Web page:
Converting a decimal number to binary

Discussion in 'The Projects Forum' started by toothpick5, Sep 28, 2009.

  1. toothpick5

    Thread Starter New Member

    Sep 28, 2009
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    I'm trying to build a circuit that will convert decimal numbers into binary with a keypad.
    It is no problem as long as the number is a single-digit, but it gets confusing when the user clicked 2 buttons or more.

    for example when the user clicked digit number 1 and then 2, the circuit has to multiply the first digit by 10, and then add the 2.

    I have circuits that can add binary numbers and multiply them (and I prefer not having any IC's in this part of circuit).

    anyone has a suggestion or can reference me to a useful article i can read about it?

    Thanks.
     
  2. blueroomelectronics

    AAC Fanatic!

    Jul 22, 2007
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    A microcontroller sounds like the way to go.
     
  3. toothpick5

    Thread Starter New Member

    Sep 28, 2009
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    i know, but im trying to avoid the 'easier' option
     
  4. blueroomelectronics

    AAC Fanatic!

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    And without ICs that's an odd request.
     
  5. beenthere

    Retired Moderator

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  6. SgtWookie

    Expert

    Jul 17, 2007
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    You really don't want to convert back and fourth from BCD (binary coded decimal) to binary without using a microcontroller.

    If you don't believe me, find the datasheet that Texas Instruments published for the SN74184 and SN74185. These are IC's dedicated to converting BCD to binary ('184) and binary to BCD ('185).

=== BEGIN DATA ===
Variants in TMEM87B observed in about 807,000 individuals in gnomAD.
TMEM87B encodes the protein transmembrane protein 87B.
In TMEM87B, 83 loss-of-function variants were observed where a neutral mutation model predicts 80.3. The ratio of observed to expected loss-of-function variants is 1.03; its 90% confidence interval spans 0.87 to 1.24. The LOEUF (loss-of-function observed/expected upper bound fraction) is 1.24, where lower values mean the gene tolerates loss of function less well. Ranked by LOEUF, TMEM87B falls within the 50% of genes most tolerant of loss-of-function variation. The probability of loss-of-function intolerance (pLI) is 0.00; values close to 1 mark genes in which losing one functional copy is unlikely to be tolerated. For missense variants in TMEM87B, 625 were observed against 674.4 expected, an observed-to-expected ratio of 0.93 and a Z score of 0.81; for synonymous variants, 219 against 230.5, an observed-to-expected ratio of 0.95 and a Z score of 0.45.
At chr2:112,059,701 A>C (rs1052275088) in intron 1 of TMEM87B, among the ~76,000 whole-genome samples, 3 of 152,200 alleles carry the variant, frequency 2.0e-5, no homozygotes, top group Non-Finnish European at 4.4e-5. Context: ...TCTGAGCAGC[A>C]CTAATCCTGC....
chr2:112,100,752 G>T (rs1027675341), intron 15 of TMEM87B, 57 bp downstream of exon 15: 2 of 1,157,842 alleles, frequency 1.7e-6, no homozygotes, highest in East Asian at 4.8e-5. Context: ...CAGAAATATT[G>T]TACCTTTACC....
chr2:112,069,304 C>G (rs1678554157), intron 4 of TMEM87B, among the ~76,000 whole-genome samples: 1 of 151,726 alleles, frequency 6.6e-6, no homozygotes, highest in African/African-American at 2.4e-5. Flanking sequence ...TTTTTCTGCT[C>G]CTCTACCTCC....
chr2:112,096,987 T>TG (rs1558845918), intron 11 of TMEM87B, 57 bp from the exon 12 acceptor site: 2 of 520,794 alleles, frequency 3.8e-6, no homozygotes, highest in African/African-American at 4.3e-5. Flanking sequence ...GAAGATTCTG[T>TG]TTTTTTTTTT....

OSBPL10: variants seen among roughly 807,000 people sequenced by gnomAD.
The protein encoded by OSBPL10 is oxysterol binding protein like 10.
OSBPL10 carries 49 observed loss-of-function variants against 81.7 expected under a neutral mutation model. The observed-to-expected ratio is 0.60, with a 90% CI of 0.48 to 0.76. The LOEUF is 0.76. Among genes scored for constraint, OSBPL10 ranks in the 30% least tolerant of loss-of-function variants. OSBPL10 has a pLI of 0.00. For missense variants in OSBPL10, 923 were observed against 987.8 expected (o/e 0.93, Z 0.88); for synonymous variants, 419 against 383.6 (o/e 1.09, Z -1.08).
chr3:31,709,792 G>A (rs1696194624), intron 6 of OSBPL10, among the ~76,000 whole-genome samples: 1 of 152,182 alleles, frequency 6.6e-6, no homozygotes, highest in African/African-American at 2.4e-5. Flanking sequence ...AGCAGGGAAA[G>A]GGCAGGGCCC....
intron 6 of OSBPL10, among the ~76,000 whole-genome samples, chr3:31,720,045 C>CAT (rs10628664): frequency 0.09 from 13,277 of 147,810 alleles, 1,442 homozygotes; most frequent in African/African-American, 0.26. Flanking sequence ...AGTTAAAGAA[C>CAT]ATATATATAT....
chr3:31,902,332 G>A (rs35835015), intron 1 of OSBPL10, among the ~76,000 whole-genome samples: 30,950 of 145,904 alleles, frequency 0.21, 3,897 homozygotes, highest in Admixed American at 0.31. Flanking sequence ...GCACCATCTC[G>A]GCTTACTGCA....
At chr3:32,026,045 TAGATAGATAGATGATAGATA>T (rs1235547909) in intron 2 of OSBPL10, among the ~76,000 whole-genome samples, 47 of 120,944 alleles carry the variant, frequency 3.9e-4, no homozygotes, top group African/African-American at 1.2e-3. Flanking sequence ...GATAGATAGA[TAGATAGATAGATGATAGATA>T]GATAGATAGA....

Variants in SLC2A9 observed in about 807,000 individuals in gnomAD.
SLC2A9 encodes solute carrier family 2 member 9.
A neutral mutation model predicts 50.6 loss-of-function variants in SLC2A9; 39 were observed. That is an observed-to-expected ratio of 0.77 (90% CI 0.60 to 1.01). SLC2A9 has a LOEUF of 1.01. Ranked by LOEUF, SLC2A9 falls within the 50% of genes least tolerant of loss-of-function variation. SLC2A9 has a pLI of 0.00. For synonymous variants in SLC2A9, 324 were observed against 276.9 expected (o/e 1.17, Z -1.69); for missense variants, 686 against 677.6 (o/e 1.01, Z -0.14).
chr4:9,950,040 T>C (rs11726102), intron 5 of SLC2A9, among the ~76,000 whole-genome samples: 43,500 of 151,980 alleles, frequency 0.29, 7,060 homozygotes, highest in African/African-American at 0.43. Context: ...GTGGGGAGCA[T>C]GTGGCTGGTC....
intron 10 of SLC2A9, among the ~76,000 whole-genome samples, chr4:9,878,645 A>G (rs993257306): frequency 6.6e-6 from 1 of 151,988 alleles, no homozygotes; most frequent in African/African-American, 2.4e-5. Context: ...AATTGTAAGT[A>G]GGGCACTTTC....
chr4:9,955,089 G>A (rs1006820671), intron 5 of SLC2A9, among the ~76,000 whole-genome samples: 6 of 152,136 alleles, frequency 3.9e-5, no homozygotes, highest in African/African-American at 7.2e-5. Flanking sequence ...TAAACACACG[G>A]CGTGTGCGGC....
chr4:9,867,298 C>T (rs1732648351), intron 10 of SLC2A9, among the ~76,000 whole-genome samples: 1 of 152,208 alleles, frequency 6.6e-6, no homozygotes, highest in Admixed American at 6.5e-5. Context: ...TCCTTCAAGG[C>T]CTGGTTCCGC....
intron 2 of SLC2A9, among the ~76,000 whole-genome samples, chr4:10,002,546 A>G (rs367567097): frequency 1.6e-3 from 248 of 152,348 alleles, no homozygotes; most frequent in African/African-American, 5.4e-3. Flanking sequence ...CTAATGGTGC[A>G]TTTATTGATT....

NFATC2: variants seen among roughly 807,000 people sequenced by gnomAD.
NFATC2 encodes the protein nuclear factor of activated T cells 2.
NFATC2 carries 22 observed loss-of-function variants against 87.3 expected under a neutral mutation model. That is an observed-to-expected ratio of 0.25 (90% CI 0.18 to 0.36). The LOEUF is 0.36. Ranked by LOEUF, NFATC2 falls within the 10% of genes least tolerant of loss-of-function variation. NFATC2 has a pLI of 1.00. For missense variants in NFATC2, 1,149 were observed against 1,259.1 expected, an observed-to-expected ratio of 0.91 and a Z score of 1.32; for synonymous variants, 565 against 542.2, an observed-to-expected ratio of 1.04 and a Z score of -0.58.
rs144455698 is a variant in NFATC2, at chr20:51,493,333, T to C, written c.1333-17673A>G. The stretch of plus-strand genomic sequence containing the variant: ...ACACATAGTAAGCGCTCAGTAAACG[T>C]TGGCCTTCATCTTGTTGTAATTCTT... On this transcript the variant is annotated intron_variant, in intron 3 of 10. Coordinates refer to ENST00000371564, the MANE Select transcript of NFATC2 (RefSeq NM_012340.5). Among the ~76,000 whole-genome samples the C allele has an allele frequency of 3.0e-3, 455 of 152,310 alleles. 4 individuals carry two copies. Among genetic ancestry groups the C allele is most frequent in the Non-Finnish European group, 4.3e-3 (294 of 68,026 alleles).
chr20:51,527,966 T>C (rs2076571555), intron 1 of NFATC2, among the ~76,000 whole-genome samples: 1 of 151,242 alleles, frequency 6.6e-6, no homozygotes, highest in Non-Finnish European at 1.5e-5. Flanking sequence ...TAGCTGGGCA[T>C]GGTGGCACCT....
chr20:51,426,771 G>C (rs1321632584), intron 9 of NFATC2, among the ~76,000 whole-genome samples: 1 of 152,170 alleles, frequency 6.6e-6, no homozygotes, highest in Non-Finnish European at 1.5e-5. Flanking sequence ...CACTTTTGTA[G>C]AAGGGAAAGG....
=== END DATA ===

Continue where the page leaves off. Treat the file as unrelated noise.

To convert a 2-digit number from BCD to binary requires two '184 IC's.
    To convert a 3-digit number from BCD to binary requires six '184 IC's. :eek:
    To convert a 6-digit number from BCD to binary requires twenty eight '184 IC's. :eek: :eek:

    If you want to go the other way, with a 16 bit binary number to BCD only requires sixteen '185 IC's to get a 5-digit BCD output.

    Now if you want to try building the code converters out of individual logic gates, be my guest. You will need a circuit board about the size of your living room, a gigantic pile of logic ICs, and a 20lb spool of solder to connect everything up. Oh, don't forget the vacuum cleaner to pick up the hair from the floor that you'll be pulling out of your head.

    If you wanted to get "sneaky", you could use a couple of EEproms with the conversions burned into it. Most people don't have EEprom programmers anymore though. Just as easy to burn the tables into a uC; but you don't have to do that either.
     
  7. BillB3857

    Senior Member

    Feb 28, 2009
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    You could look up the ICs you have that do the multiply and add functions and get the data sheets for them. They sometimes show the internal logic and you could use diodes and transistors to duplicate that logic. Sure seems like a lot of work........
     
  8. toothpick5

    Thread Starter New Member

    Sep 28, 2009
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    i came up with the multiply and add functions using some Or, And and Xor gates, it wasnt that much of a problem.
     
  9. toothpick5

    Thread Starter New Member

    Sep 28, 2009
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    ok... so how does the BCD to binary or binary to BCD IC's really work?
     
  10. beenthere

    Retired Moderator

    Apr 20, 2004
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    Google "74ls184" and then "74ls185". Download the data sheets.
     
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